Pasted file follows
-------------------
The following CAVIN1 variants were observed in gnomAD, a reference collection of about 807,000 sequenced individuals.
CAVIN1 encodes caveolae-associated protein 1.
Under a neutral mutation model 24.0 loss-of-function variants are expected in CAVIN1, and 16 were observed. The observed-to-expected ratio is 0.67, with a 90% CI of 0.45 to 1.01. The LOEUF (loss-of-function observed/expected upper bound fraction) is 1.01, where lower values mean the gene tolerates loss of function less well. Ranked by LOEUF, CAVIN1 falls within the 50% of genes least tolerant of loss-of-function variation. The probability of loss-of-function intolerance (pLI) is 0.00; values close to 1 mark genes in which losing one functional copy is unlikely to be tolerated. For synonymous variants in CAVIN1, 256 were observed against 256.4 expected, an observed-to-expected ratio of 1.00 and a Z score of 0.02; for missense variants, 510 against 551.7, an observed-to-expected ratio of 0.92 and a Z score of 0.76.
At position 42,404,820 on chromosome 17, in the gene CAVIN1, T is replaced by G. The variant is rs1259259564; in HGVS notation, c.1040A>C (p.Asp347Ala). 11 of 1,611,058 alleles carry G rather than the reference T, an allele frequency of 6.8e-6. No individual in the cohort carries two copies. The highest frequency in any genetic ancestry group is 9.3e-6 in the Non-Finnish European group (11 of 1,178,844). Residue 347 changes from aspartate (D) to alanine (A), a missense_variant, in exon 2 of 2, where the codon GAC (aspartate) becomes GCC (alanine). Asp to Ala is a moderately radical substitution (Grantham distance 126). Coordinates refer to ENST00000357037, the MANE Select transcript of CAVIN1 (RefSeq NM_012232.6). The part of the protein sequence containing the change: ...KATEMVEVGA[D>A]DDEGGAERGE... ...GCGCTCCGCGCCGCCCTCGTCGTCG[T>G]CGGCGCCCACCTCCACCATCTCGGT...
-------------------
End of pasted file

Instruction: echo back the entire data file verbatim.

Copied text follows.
The following CAVIN1 variants were observed in gnomAD, a reference collection of about 807,000 sequenced individuals.
CAVIN1 encodes caveolae-associated protein 1.
Under a neutral mutation model 24.0 loss-of-function variants are expected in CAVIN1, and 16 were observed. The observed-to-expected ratio is 0.67, with a 90% CI of 0.45 to 1.01. The LOEUF (loss-of-function observed/expected upper bound fraction) is 1.01, where lower values mean the gene tolerates loss of function less well. Ranked by LOEUF, CAVIN1 falls within the 50% of genes least tolerant of loss-of-function variation. The probability of loss-of-function intolerance (pLI) is 0.00; values close to 1 mark genes in which losing one functional copy is unlikely to be tolerated. For synonymous variants in CAVIN1, 256 were observed against 256.4 expected, an observed-to-expected ratio of 1.00 and a Z score of 0.02; for missense variants, 510 against 551.7, an observed-to-expected ratio of 0.92 and a Z score of 0.76.
At position 42,404,820 on chromosome 17, in the gene CAVIN1, T is replaced by G. The variant is rs1259259564; in HGVS notation, c.1040A>C (p.Asp347Ala). 11 of 1,611,058 alleles carry G rather than the reference T, an allele frequency of 6.8e-6. No individual in the cohort carries two copies. The highest frequency in any genetic ancestry group is 9.3e-6 in the Non-Finnish European group (11 of 1,178,844). Residue 347 changes from aspartate (D) to alanine (A), a missense_variant, in exon 2 of 2, where the codon GAC (aspartate) becomes GCC (alanine). Asp to Ala is a moderately radical substitution (Grantham distance 126). Coordinates refer to ENST00000357037, the MANE Select transcript of CAVIN1 (RefSeq NM_012232.6). The part of the protein sequence containing the change: ...KATEMVEVGA[D>A]DDEGGAERGE... ...GCGCTCCGCGCCGCCCTCGTCGTCG[T>G]CGGCGCCCACCTCCACCATCTCGGT...